Study Suggests PDE5 Inhibitors May Have Anti-Cancer Potential in Male Patients with CRC

Researchers suggested that potency enhancing phosphodiesterase-5 inhibitor drugs may have the ability to improve a prognosis in patients with colorectal cancer.

A study published in Nature Communications suggested that potency enhancing phosphodiesterase-5 (PDE5) inhibitor drugs, such as sildenafil (Viagra), have an anti-cancer potential with the ability to improve a prognosis in patients with colorectal cancer (CRC).1

“Available preclinical evidence suggests that PDE5 inhibitors could slow down the tumor growth and progression in mice, but it is still unknown whether PDE5 inhibitors can hinder the proliferation of cancer in humans. We tried to explore this using real-world medical data in Sweden,” Wuqing Huang, a PhD student at Lund University and one of the researchers behind the study, said in a press release.2

Using several nationwide registries, researchers identified all Swedish male patients (n = 1136) with colorectal cancer who had used PDE5 inhibitors following a cancer diagnosis. Notably, compared with those who did not use PDE5 inhibitors, those who did tended to be diagnosed at a younger age and at an earlier stage. Moreover, patients who used PDE5 inhibitors were more likely to get married and had a higher education and income level than patients who did not use PDE5 inhibitors. Additionally, these patients were less likely to be given aspirin and had a lower prevalence of comorbidity at baseline.

After a median follow-up of 4.25 years, 116 patients who used PDE5 inhibitors had died from CRC during the study period, generating the mortality rate of 20.20 each 1000 person-year. Contrastingly, the mortality rate was 37.87 each 1000 person-year among those who did not use PDE5 inhibitors.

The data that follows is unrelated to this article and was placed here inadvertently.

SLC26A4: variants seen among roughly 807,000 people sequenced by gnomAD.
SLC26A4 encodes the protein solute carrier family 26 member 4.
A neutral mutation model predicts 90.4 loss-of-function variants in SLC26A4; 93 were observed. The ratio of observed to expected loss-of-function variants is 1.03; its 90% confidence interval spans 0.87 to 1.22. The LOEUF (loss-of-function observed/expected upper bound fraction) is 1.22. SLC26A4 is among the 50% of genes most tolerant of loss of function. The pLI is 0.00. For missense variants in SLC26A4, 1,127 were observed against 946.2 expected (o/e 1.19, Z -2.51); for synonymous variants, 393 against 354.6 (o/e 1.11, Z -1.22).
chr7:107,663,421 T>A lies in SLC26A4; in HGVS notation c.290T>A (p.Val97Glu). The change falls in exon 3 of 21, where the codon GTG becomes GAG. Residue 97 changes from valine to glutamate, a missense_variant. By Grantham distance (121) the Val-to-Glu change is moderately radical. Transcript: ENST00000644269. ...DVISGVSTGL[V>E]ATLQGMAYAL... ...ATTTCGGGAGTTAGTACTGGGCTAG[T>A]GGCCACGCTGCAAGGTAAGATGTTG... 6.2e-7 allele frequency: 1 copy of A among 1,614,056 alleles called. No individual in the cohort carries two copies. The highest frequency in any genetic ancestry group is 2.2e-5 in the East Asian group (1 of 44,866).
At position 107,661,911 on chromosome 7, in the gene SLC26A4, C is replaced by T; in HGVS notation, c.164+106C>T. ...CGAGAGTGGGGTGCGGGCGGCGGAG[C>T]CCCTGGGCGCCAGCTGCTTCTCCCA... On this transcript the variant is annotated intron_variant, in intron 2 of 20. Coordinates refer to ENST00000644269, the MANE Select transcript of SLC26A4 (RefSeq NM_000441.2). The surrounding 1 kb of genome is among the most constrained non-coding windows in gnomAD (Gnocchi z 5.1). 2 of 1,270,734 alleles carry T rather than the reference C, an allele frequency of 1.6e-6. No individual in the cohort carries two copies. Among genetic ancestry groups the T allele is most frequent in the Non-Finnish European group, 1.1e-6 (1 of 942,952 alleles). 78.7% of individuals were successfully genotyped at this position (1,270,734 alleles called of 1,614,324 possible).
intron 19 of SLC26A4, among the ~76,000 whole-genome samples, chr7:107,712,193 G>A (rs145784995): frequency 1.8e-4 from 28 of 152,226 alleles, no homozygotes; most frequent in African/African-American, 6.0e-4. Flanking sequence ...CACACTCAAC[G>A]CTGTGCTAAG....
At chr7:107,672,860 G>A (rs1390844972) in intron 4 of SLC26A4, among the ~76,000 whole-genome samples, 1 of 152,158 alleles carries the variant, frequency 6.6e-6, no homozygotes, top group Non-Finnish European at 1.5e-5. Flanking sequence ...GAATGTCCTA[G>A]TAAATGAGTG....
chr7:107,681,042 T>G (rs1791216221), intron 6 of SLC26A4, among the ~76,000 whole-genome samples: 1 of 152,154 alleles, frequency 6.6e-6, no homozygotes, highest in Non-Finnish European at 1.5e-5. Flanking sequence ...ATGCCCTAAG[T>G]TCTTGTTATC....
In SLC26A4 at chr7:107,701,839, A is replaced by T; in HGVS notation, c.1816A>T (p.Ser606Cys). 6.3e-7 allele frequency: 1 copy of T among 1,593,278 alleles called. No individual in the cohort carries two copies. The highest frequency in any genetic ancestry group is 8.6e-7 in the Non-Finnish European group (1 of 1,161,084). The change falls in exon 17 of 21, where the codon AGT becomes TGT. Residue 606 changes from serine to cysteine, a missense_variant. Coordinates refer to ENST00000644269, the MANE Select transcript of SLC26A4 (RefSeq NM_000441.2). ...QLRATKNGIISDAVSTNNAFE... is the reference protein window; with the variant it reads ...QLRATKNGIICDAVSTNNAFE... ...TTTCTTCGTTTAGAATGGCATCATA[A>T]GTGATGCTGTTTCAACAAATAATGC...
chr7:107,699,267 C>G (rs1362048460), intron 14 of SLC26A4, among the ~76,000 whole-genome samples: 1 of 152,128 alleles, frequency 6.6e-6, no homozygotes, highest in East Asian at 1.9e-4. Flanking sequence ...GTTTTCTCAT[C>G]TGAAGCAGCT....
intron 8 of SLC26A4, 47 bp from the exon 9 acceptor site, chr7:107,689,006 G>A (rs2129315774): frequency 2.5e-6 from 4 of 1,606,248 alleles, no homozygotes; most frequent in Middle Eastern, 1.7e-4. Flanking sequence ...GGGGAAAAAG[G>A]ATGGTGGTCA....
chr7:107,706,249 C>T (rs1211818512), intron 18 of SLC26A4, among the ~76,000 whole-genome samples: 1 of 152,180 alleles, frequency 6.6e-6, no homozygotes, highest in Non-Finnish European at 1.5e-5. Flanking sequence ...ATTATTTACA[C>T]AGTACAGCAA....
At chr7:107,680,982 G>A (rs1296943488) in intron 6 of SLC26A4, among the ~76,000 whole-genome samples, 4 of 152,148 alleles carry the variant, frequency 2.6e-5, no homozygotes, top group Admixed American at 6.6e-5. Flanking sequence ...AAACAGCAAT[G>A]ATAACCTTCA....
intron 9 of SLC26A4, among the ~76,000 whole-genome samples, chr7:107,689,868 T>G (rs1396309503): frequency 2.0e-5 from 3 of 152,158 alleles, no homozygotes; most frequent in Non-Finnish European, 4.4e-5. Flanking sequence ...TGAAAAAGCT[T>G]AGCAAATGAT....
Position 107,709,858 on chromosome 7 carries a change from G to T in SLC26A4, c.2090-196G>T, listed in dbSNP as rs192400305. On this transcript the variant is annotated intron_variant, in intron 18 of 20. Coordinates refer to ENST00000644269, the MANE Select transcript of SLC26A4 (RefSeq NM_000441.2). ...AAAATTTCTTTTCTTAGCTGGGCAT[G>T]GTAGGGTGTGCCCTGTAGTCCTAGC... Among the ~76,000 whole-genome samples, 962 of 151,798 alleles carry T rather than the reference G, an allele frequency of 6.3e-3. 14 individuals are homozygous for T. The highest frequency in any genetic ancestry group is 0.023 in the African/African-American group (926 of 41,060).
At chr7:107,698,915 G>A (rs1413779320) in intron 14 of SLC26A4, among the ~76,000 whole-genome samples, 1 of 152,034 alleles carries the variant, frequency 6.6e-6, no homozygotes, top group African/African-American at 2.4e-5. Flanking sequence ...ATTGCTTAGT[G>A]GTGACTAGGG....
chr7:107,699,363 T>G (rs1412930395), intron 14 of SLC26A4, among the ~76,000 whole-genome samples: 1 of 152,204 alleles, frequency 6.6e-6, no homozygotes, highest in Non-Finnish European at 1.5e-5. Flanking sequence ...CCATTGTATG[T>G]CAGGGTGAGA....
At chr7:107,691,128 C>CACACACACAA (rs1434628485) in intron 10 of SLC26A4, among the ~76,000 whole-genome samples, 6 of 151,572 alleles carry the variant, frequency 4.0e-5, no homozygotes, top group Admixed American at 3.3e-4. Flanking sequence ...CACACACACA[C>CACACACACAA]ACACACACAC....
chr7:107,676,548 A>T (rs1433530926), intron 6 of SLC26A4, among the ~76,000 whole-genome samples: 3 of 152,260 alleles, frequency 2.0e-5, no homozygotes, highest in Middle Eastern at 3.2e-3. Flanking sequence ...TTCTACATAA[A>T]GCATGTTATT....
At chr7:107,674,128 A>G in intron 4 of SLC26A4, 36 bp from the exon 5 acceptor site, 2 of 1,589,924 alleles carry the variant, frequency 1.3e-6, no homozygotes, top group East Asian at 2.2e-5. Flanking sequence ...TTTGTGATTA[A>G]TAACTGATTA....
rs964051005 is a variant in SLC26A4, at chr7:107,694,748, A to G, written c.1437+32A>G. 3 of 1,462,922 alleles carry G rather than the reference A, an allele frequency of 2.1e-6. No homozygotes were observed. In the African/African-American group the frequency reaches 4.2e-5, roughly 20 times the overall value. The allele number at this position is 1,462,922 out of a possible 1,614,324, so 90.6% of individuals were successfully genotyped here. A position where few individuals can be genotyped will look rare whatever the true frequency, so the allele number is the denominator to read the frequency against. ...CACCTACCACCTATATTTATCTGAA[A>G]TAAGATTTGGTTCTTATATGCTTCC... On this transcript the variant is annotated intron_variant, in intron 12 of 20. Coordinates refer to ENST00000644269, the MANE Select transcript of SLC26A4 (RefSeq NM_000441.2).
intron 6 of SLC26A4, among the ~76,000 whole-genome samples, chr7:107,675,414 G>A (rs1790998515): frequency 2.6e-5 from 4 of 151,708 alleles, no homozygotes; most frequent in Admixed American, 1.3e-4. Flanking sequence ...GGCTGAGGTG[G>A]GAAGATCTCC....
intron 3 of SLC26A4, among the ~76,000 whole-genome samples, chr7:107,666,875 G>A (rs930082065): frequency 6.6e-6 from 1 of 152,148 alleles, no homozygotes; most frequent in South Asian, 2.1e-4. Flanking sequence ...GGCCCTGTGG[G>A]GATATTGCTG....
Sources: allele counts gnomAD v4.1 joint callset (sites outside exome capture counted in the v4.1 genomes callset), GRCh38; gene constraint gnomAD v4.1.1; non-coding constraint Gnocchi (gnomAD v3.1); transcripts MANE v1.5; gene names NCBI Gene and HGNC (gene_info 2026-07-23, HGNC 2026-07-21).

Following adjustment for possible confounders, postdiagnostic use of PDE5 inhibitors was found to be associated with a decreased risk of death due to CRC (adjusted HR, 0.82; 95% CI, 0.67-0.99). Further, this observation was more pronounced in patients who underwent open surgery after diagnosis (adjusted HR, 0.72; 95% CI, 0.56-0.93), especially those with dispensation after surgery (adjusted HR, 0.69; 95% CI, 0.50-0.96).

In addition, compared with patients who did not use PDE5 inhibitors, post-diagnostic use of PDE5 inhibitors was significantly associated with a reduced risk of metastasis (adjusted HR, 0.85; 95% CI, 0.74-0.98). The decreased risk of metastasis was also more prominent among patients who underwent open surgery (adjusted HR, 0.74; 95% CI, 0.60-0.90) compared with those that did not undergo surgery (adjusted HR, 1.10; 95% CI, 0.90-1.35).

"The results of our study suggest that the anti-cancer ability of PDE5 inhibitors might be related to regulating immunosuppressive effects,” Huang explained. “However, randomized clinical trials are needed to confirm our research findings before PDE5 inhibitors can be used as an adjuvant drug for men with colorectal cancer, as well as experiments that explore the underlying biological mechanisms.”

Importantly, this study was limited male patients because only a few female patients were prescribed with PDE5 inhibitors in Sweden. However, the investigators suggested that it still may be worthwhile to explore whether the observed study findings can be replicated in female patients with CRC, given that female patients may have a better tolerance of PDE5 inhibitors.

"The observed findings should be interpreted with caution as this is an observational study and the biological mechanisms need to be explored further,” Jianguang Ji, a researcher at Lund University who was also involved in the study, said in the release. “We have already collaborated with other scientists to explore the underlying mechanisms by utilizing animal experiments and cancer organoid.”


1. Huang W, Sundquist J, Sundquist K, Ji J. Phosphodiesterase-5 inhibitors use and risk for mortality and metastases among male patients with colorectal cancer. Nature Communications. doi: 10.1038/s41467-020-17028-4

2. Potency-enhancing drugs linked to decreased risks in men with colorectal cancer [news release]. Lund University. Published August 17, 2020. Accessed August 28, 2020.